Gas Mileage and Ratings

Discussion in 'Wheels, Wings, Mud, and Water' started by toxcrusadr, Dec 11, 2017.

  1. Shadowdog

    Shadowdog Super Member

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    That Solara (2 door Camry) probably had a big 2.5L 4 cyl also.

    New Camry with the 2.5L 4 cyl can pull the OD gearing & has variable valvetrain like a lot of newer engines now days , and anyway Car & Driver

    got 45 US MPG in their 75 MPH real world test.
     

     

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  2. nj pheonix

    nj pheonix AK Subscriber Subscriber

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    I had an '04 Camry with the 3.3 v6
    I'm not a heavy on throttle guy but cruise on hwys pretty quick 75+
    Mixed did high 20s, (28?)
    Highway 32.
    Maybe the 2.4 was a bad match for some reason.
    Maybe the 6 was geared lower?
     
  3. arts

    arts Super Member

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    Just an observation on sparkplugs.This is my long experience,and that of most of my buds running in similar circumstances.

    NGK makes an excellent plug,so long as you use them in modern,fuel injected engines.If you install them in anything that generally runs on the rich side (basically anything with a carburettor) and uses an enrichment system for starting,such as a choke,or in the case of old British motorcycles,a ''tickler'' button,which simply allows you to manually push down on the float in order to flood the carb for starting,they die really quick. For whatever reason,if you run them rich,or get them wet,they never recover.You can wash them in solvent and clean them up all you want,makes no difference.They just don't like being gassed on.

    For all of my injected engines,NGK all the way. All of my carburetted stuff gets Champion. And I ONLY buy my plugs,individually boxed,at the autoparts place.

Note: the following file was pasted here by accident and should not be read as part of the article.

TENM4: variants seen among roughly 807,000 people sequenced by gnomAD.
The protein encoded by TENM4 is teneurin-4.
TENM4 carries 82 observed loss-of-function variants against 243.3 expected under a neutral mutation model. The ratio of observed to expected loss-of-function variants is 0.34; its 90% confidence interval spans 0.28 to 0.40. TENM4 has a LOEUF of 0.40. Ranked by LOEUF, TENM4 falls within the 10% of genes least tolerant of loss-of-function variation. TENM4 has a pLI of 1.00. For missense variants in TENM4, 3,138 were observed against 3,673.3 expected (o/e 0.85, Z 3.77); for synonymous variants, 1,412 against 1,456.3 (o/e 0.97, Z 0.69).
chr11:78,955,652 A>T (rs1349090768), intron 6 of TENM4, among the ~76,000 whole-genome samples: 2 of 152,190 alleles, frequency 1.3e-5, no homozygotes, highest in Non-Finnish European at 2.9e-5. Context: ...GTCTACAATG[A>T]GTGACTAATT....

And I am in full agreement on Bosch plugs (and most everything else that company makes these days) being absolute shit.Apparently the sun has set on the days of German excellence in engineering and manufacturing.Makes me ashamed to be a Kraut....:(

    As for the fuel mileage ratings,I think they are full of crap. I have never owned any vehicle (new or used) that even came close to the advertised numbers,even under optimum conditions.All of my vehicles have been impeccably maintained.Mind you,they are either pickup trucks or full-sized sedans of the V8 variety.
     
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  4. Shadowdog

    Shadowdog Super Member

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    CVT's may not be very efficient either or not always work right!
     
  5. whoaru99

    whoaru99 Epic Member

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    Location:
    LoTL
    Some years back I bought a sleeve of plugs at the local auto parts store. Eight in the sleeve, individually boxed inside, for the good old V8 days.

    Installed the first two plugs no problem. Pulled out the third from the sleeve, opened the little box, low and behold it was a well-used plug. As it turns out, so were the remaining five.

    Apparently some low life bought the sleeve of eight plugs, used six, then returned them with the two unused ones first in line in case the auto parts store checked the box.
     
  6. Wildcat

    Wildcat Audio Sommelier

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    4,545
    That higher RPM on my 4-cylinder engines used to bother me, until I realized something...

    At 70 MPH, my older 4 cylinders would run at 3000 RPM. A similar aged V6 would run around 2000 RPM at the same speed.

    Now, figure out how many times the cylinders are firing over the course of a minute. 3000 RPM over 4 cylinders is 12,000 times per minute. 2000 RPM over 6 cylinders is....12,000 times per minute. Running a 4 cylinder on lower gearing would just bog it down, assuming that each cylinder were displacing a similar volume (a 2.0L 4-cylinder and 3.0L 6-cylinder would both have a volume of 0.5L per cylinder).

    There are of course many other factors involved in determining the mileage, but just based on the number of times the engine is firing during a minute, they are in a sense equal in that regard. That made me fret less about the higher RPMs my smaller engines were running at.
     

     

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  7. toxcrusadr

    toxcrusadr AK Subscriber Subscriber

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    Oops I actually meant to say I drove a FOCUS not a Fusion. Focus is smaller and comparable to my new Civic.